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Zionism and Liberalism Can Remain Strong Bedfellows

As the left-of-center political camp has transposed an American racial lens onto the Israeli-Palestinian conflict, it has also manipulated the language of human rights to bludgeon Israel.
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March 29, 2024
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American society was already polarized before the October 7 War, particularly around the Israeli-Palestinian conflict. But even that reality couldn’t prepare us for the dynamic we’ve seen on college campuses and opinion pages since the Hamas massacre.

The conversation has shifted from a discussion about the appropriate Israeli response to terror and the treatment of Palestinians to a referendum on Israel’s very right to exist and the delegitimization of those of us who are committed to that right.

The tension was highlighted by author Peter Beinart’s recent New York Times guest essay in which he suggested it’s time for American Jews to make a choice: either support American liberalism, on the one hand, or Zionism, on the other.

Not only is this a false choice — it’s a dangerous narrative for Americans, for Jews, and for the US-Israel relationship. It belies a fundamental misunderstanding of the liberal roots of Zionism, the Jewish national movement for self-determination. It also ignores the tenets of American liberalism that have been distorted specifically to create this binary option.

Liberalism, at its core, is a political doctrine that protects and enhances individuals’ liberty, political equality, and freedoms. It stems from the 17th-century Enlightenment views of philosopher John Locke, who articulated a social contract between humankind and the society in which humans live.

Locke’s vision was predicated on the natural right to life, liberty, and property and the belief that governments should not violate these rights. And liberalism was always built upon an openness to different ideas. 

Just as the American Declaration of Independence affirmed the new Republic’s commitment to ”life, liberty, and the pursuit of happiness” in 1776, Israel’s 1948 Declaration of Independence made clear Zionism’s inextricable ties to liberalism. It spoke of “complete equality of social and political rights to all its inhabitants irrespective of religion, race or sex” and vowed to “safeguard the Holy Places of all religions.”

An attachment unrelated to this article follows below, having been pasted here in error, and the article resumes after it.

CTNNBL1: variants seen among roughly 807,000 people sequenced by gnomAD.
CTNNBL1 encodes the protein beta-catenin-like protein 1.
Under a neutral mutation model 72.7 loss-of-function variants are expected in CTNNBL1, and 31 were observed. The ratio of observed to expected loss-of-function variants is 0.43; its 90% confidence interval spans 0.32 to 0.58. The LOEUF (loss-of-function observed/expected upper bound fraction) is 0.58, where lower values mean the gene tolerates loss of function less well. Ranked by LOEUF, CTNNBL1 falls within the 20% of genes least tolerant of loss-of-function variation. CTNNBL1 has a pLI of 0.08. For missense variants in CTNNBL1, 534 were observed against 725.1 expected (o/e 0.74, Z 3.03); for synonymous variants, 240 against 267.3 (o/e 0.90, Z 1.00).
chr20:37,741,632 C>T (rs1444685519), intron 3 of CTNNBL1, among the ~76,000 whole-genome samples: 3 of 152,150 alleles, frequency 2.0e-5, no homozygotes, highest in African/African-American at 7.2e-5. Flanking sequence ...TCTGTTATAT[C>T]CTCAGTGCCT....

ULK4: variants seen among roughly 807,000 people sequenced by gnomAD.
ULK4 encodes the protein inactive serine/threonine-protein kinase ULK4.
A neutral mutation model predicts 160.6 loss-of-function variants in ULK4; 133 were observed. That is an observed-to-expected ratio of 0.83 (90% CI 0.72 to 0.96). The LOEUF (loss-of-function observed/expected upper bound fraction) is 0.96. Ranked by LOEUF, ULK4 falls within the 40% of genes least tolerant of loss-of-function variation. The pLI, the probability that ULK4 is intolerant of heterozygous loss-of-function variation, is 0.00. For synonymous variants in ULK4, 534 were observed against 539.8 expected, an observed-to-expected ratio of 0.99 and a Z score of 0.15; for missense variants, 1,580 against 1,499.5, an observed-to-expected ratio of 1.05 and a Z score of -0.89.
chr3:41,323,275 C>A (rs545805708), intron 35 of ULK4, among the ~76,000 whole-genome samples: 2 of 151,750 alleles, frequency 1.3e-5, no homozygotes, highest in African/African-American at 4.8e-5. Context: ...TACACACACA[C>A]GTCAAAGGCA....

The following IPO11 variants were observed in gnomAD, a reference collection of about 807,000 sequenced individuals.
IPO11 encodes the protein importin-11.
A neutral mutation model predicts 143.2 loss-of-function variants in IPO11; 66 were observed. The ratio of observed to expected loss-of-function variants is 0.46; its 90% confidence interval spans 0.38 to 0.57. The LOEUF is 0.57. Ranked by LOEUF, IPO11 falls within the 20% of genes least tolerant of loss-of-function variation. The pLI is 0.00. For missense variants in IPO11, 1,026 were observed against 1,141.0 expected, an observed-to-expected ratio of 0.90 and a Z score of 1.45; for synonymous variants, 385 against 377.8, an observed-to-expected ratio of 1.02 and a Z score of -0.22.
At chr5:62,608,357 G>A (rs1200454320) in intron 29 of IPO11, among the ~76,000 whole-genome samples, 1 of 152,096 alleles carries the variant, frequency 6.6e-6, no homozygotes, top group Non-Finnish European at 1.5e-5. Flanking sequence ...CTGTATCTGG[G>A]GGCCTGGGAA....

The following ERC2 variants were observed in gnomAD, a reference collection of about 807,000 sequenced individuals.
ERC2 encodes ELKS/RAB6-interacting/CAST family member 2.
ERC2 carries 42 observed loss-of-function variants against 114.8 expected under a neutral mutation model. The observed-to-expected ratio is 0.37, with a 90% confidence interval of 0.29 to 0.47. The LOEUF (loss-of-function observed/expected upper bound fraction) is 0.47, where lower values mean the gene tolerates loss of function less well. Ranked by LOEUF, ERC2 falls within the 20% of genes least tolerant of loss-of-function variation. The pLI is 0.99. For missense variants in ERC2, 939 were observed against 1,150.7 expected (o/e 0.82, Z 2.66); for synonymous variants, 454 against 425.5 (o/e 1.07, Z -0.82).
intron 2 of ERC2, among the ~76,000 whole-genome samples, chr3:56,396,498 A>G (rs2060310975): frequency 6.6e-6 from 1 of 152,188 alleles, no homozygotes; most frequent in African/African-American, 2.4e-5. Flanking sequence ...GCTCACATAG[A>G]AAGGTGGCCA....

Both nations have continually aspired to actualize those aspirations, sometimes achieving them, sometimes falling short, just as every nation-state does.

Distorting Liberalism

Frighteningly, though, American liberalism is now being undermined as never before. The ideological hard right is peddling hate and embracing an ultra-nationalism that threatens the future of democracy.  Meanwhile, the hard left has adopted a worldview that holds race and power as the primary means through which we should understand the past and present.

American Jews and Israel are caught in the crosshairs.

The progressive worldview falsely claims that Zionism is at odds with liberal values. It views Jews as being part of the white power structure in the US and condemns Israel as a European colonial outpost (never mind its diverse makeup and Jews’ historical ties to the land).

Jewish college students are being targeted if they don’t pass a progressive litmus test that says they have to disavow their Zionist interest.

As the left-of-center political camp has transposed an American racial lens onto the Israeli-Palestinian conflict, it has also manipulated the language of human rights to bludgeon Israel. Words like “genocide” and “apartheid” that once had specific meanings are now thrown around loosely to accuse Israel of committing uniquely unspeakable atrocities.

The Fight for Israel’s Life

To be sure, discrimination in Israeli society is real and must be addressed. Over the past few years, Israel’s ruling political coalition has also shifted far to the right, demonstrating a xenophobia and anti-Arab rhetoric that needs to be denounced by political leaders there.

But for Beinart and others to suggest that Arabs don’t have equal citizenship in Israel is simply false. They do, even if the reality still falls short of our liberal aspirations.

On the surface, some progressives blame Prime Minister Benjamin Netanyahu for all problems in the region. Netanyahu has plenty to account for: from the still-unresolved judicial proposals that divided the nation last year to the intelligence and security failures of Oct. 7 that will forever be his legacy.